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USS Denver (CL-58)

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USS Denver
USS Denver (CL-58) circa December 1942
United States
NamesakeCity of Denver, Colorado
BuilderNew York Shipbuilding Corporation, Camden, New Jersey
Laid down26 December 1940
Launched4 April 1942
Sponsored byMiss L. J. Stapleton
Commissioned15 October 1942
Decommissioned7 February 1947
StrickenMarch 1959
Honors and
FateScrapped in 1960
General characteristics
Class and typeCleveland-class light cruiser
  • 11,744 long tons (11,932 t) (standard)
  • 14,131 long tons (14,358 t) (max)
  • 610 ft 1 in (185.95 m) oa
  • 608 ft (185 m)pp
Beam66 ft 4 in (20.22 m)
  • 25 ft 6 in (7.77 m) (mean)
  • 25 ft (7.6 m) (max)
Installed power
Speed32.5 kn (37.4 mph; 60.2 km/h)
Range11,000 nmi (20,000 km) at 15 kn (17 mph; 28 km/h)
Complement1,255 officers and enlisted
  • Belt: 3+12–5 in (89–127 mm)
  • Deck: 2 in (51 mm)
  • Barbettes: 6 in (150 mm)
  • Turrets: 1+12–6 in (38–152 mm)
  • Conning Tower: 2+14–5 in (57–127 mm)
Aircraft carried4 × floatplanes
Aviation facilities2 × stern catapults
Service record
Operations: World War II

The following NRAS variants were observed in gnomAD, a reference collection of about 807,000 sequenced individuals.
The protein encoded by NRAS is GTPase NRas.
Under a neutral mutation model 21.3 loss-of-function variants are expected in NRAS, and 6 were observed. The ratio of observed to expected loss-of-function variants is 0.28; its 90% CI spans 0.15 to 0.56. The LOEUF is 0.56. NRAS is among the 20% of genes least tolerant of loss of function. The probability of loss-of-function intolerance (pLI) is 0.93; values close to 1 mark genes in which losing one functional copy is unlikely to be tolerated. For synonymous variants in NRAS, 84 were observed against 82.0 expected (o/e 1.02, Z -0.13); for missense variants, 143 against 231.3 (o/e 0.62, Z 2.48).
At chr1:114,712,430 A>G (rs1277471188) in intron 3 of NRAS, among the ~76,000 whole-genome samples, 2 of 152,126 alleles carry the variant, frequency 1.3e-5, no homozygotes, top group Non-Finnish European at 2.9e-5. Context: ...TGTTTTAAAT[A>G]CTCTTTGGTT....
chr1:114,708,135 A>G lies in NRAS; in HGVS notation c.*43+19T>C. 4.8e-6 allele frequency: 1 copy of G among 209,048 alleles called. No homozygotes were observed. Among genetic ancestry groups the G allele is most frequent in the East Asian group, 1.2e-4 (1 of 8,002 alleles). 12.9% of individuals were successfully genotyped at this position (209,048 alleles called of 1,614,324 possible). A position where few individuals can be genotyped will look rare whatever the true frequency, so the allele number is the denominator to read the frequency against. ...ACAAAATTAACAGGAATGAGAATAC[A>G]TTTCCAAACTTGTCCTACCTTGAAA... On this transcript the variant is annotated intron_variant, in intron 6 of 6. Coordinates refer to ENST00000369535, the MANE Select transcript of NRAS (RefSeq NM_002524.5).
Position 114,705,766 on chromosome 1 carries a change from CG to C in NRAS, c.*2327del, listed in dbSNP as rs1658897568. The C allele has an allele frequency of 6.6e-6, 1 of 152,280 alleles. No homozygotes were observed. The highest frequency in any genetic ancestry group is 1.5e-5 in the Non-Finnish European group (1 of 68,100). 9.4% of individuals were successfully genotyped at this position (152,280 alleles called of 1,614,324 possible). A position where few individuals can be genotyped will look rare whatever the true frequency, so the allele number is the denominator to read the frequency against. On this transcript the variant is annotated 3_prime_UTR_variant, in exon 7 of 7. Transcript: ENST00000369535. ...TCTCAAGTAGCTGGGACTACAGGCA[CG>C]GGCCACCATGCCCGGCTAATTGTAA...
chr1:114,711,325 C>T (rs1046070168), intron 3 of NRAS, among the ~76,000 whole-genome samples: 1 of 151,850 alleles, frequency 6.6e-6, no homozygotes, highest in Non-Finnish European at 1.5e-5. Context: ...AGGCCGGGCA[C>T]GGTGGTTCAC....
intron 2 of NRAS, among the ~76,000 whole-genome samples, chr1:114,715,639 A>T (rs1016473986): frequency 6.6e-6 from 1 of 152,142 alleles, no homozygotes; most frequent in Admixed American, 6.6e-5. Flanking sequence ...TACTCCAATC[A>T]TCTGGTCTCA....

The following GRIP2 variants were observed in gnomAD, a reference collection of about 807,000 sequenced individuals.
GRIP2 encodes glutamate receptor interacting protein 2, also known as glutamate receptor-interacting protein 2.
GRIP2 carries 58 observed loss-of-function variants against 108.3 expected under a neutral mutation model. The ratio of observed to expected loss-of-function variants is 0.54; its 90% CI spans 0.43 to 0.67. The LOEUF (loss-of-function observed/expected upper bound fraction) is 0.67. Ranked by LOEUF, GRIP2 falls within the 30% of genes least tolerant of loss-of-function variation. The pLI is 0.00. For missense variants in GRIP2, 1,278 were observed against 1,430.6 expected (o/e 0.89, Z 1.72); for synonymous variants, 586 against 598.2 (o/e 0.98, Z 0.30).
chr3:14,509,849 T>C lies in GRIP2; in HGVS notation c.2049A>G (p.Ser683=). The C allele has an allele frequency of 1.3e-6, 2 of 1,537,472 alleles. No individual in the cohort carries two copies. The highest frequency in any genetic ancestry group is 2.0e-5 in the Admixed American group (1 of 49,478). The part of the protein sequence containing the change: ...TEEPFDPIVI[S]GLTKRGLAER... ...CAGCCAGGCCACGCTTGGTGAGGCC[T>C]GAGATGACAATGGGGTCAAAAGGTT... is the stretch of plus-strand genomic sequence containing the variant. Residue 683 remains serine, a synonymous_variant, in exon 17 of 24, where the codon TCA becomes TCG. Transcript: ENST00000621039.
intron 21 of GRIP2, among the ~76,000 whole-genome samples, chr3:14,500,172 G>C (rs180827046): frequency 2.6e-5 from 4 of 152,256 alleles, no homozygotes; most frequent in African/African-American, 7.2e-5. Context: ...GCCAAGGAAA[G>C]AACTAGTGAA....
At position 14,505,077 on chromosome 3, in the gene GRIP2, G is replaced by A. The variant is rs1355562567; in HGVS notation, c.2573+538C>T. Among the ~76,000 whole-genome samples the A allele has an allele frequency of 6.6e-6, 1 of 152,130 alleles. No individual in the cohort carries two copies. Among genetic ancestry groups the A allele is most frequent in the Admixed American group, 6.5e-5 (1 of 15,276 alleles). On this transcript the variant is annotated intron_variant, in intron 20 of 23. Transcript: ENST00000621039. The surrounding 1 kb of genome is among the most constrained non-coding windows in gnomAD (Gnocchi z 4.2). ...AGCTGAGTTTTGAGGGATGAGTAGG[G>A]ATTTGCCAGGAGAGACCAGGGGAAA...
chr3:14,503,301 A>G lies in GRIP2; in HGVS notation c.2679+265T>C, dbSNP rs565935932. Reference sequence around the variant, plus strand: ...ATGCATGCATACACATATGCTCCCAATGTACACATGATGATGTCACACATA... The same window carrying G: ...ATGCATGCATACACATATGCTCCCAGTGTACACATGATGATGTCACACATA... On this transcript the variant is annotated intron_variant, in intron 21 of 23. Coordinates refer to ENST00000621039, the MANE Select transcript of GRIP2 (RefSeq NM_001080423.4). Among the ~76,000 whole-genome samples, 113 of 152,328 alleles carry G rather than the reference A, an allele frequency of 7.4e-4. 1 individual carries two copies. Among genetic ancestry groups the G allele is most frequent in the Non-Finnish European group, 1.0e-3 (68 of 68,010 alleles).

Awards: Navy Unit Commendation,11 × battle stars
Launch of Denver at the New York Shipbuilding Corporation, Camden, New Jersey, 4 April 1942

USS Denver (CL-58) was a Cleveland-class light cruiser. Denver launched on 4 April 1942 by New York Shipbuilding Corp., Camden, New Jersey; sponsored by Miss L. J. Stapleton, daughter of the Mayor of Denver; and commissioned on 15 October 1942, Captain Robert Carney in command.[1] It was the second ship named for the city of Denver, Colorado.

Service history



Guns firing during the Battle of Blackett Strait

Denver sailed from Philadelphia on 23 January 1943, and arrived at Efate, New Hebrides on 14 February. Thomas Darden was in command.[2] The new cruiser first saw combat in the bombardment of Vila on Kolombangara in the Solomon Islands, on 6 March. During this action her force engaged and sank the Japanese destroyers Minegumo and Murasame in the Battle of Blackett Strait. Continuing her operations in the Solomons, Denver joined the bombardment of Ballale Island on 29–30 June in conjunction with the invasion landings on New Georgia, then remained in the area on patrol.[1]

On the last day of October 1943, Denver sortied from Port Purvis with Task Force 39 (TF 39) to intercept an enemy force attempting to disrupt the landings at Cape Torokina, Bougainville. In the resulting battle of Empress Augusta Bay on the night of 1/2 November, the American ships sank one enemy light cruiser and a destroyer and damaged two heavy cruisers and two destroyers, while the four other enemy ships broke off the action and retired. During the heavy firing Denver was hit by three 8-inch (203 mm) shells which fortunately did not explode. She shared in the Navy Unit Commendation awarded her division for its outstanding performance in this battle.[1]